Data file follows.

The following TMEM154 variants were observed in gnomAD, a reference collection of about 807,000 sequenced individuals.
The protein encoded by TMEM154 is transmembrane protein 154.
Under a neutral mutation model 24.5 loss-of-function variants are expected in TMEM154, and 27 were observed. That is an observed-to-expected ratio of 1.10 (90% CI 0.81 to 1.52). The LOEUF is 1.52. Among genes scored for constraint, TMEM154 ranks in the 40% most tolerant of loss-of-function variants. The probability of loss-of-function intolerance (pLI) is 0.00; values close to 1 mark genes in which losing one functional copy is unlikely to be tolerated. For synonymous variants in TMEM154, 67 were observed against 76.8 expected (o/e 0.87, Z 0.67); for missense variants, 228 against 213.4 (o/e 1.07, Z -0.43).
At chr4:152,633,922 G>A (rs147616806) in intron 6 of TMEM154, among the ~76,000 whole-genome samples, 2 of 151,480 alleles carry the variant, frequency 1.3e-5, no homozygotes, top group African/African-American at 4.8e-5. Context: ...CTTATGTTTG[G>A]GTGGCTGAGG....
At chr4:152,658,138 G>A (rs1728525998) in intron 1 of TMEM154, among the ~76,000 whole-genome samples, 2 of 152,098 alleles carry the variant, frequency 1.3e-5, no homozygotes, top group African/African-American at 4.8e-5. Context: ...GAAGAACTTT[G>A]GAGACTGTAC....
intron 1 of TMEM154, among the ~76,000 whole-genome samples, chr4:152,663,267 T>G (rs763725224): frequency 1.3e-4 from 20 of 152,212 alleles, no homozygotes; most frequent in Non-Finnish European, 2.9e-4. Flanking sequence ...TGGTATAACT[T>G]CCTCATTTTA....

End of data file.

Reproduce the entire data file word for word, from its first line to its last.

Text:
The following TMEM154 variants were observed in gnomAD, a reference collection of about 807,000 sequenced individuals.
The protein encoded by TMEM154 is transmembrane protein 154.
Under a neutral mutation model 24.5 loss-of-function variants are expected in TMEM154, and 27 were observed. That is an observed-to-expected ratio of 1.10 (90% CI 0.81 to 1.52). The LOEUF is 1.52. Among genes scored for constraint, TMEM154 ranks in the 40% most tolerant of loss-of-function variants. The probability of loss-of-function intolerance (pLI) is 0.00; values close to 1 mark genes in which losing one functional copy is unlikely to be tolerated. For synonymous variants in TMEM154, 67 were observed against 76.8 expected (o/e 0.87, Z 0.67); for missense variants, 228 against 213.4 (o/e 1.07, Z -0.43).
At chr4:152,633,922 G>A (rs147616806) in intron 6 of TMEM154, among the ~76,000 whole-genome samples, 2 of 151,480 alleles carry the variant, frequency 1.3e-5, no homozygotes, top group African/African-American at 4.8e-5. Context: ...CTTATGTTTG[G>A]GTGGCTGAGG....
At chr4:152,658,138 G>A (rs1728525998) in intron 1 of TMEM154, among the ~76,000 whole-genome samples, 2 of 152,098 alleles carry the variant, frequency 1.3e-5, no homozygotes, top group African/African-American at 4.8e-5. Context: ...GAAGAACTTT[G>A]GAGACTGTAC....
intron 1 of TMEM154, among the ~76,000 whole-genome samples, chr4:152,663,267 T>G (rs763725224): frequency 1.3e-4 from 20 of 152,212 alleles, no homozygotes; most frequent in Non-Finnish European, 2.9e-4. Flanking sequence ...TGGTATAACT[T>G]CCTCATTTTA....